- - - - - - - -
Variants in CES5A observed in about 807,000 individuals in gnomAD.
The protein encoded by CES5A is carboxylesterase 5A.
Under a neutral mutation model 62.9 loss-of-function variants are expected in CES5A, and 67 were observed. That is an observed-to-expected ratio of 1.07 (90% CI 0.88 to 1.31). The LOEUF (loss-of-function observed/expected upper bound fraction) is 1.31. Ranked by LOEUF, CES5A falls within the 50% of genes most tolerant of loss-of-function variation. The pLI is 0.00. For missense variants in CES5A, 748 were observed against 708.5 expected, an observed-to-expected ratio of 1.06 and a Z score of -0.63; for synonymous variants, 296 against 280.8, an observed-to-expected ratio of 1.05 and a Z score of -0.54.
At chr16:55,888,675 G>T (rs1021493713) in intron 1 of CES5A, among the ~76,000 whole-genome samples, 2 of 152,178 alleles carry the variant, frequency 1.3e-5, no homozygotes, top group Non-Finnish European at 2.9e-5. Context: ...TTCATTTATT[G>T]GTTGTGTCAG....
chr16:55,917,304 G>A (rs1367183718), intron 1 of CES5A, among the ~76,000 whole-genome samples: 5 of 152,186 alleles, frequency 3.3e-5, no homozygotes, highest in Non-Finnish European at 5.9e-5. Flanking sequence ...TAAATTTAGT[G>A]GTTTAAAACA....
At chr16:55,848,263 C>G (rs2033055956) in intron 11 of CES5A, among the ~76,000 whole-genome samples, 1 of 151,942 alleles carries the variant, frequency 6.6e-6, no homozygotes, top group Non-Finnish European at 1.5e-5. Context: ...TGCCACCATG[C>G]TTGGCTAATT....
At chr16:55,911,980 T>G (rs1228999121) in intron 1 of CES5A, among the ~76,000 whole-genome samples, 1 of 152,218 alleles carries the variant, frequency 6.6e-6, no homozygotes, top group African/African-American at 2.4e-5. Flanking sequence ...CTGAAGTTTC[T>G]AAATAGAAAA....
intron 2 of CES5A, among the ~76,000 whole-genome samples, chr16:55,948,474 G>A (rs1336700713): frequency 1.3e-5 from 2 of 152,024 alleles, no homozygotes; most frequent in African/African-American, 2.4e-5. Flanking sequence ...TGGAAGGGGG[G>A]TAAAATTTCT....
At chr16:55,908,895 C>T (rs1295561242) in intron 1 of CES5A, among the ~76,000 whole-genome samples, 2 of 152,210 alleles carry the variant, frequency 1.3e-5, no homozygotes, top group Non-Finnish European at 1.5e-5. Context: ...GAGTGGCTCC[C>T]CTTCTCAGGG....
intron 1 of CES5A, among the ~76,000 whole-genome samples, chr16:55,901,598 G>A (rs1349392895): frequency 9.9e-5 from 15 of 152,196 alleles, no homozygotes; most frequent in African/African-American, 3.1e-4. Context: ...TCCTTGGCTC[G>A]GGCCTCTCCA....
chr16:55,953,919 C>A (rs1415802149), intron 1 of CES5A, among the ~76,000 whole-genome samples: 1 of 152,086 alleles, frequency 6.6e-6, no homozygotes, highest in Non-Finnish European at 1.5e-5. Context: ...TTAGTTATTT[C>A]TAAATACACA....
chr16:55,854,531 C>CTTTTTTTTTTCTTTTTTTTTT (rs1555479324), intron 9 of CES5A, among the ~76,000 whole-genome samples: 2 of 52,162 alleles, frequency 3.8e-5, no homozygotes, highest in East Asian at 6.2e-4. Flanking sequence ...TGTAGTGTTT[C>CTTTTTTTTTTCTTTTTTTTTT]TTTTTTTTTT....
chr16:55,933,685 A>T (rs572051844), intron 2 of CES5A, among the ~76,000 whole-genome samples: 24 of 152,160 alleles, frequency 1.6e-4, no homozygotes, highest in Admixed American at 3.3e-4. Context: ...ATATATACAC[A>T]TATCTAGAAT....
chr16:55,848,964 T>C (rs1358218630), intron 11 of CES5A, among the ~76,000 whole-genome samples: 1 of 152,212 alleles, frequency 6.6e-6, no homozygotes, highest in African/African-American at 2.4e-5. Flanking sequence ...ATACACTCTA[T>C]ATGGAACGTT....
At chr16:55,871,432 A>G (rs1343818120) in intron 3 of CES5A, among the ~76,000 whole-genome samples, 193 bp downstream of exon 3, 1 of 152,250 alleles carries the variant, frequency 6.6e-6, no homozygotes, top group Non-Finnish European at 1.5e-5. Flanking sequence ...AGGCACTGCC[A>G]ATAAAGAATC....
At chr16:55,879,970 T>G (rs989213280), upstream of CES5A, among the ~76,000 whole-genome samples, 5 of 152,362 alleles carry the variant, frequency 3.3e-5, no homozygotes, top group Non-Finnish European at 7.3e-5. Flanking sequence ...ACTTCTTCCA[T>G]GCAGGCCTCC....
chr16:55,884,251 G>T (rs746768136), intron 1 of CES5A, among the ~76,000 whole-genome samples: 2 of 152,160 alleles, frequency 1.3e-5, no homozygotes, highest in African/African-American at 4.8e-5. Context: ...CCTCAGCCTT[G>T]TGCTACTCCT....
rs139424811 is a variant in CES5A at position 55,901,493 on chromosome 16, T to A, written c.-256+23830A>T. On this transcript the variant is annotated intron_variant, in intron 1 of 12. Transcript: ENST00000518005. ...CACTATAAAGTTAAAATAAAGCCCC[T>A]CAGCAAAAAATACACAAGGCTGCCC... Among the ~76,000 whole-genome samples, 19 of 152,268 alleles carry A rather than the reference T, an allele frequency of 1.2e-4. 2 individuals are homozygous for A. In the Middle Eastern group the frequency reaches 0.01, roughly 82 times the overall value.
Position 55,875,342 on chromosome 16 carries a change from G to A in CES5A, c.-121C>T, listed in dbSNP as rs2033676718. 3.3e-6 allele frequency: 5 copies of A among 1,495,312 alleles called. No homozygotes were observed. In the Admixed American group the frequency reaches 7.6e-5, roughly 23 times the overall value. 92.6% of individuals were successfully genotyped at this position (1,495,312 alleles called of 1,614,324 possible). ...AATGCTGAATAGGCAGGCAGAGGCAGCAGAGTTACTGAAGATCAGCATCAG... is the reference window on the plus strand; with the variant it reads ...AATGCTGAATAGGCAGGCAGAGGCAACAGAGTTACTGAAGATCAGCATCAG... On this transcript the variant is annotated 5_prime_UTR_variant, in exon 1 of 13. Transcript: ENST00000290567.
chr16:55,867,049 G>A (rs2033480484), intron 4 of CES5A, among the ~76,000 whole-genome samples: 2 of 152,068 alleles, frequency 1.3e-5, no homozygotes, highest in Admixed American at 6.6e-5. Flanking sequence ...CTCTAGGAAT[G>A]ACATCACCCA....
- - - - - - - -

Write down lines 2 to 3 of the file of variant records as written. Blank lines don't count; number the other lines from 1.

The protein encoded by CES5A is carboxylesterase 5A.
Under a neutral mutation model 62.9 loss-of-function variants are expected in CES5A, and 67 were observed. That is an observed-to-expected ratio of 1.07 (90% CI 0.88 to 1.31). The LOEUF (loss-of-function observed/expected upper bound fraction) is 1.31. Ranked by LOEUF, CES5A falls within the 50% of genes most tolerant of loss-of-function variation. The pLI is 0.00. For missense variants in CES5A, 748 were observed against 708.5 expected, an observed-to-expected ratio of 1.06 and a Z score of -0.63; for synonymous variants, 296 against 280.8, an observed-to-expected ratio of 1.05 and a Z score of -0.54.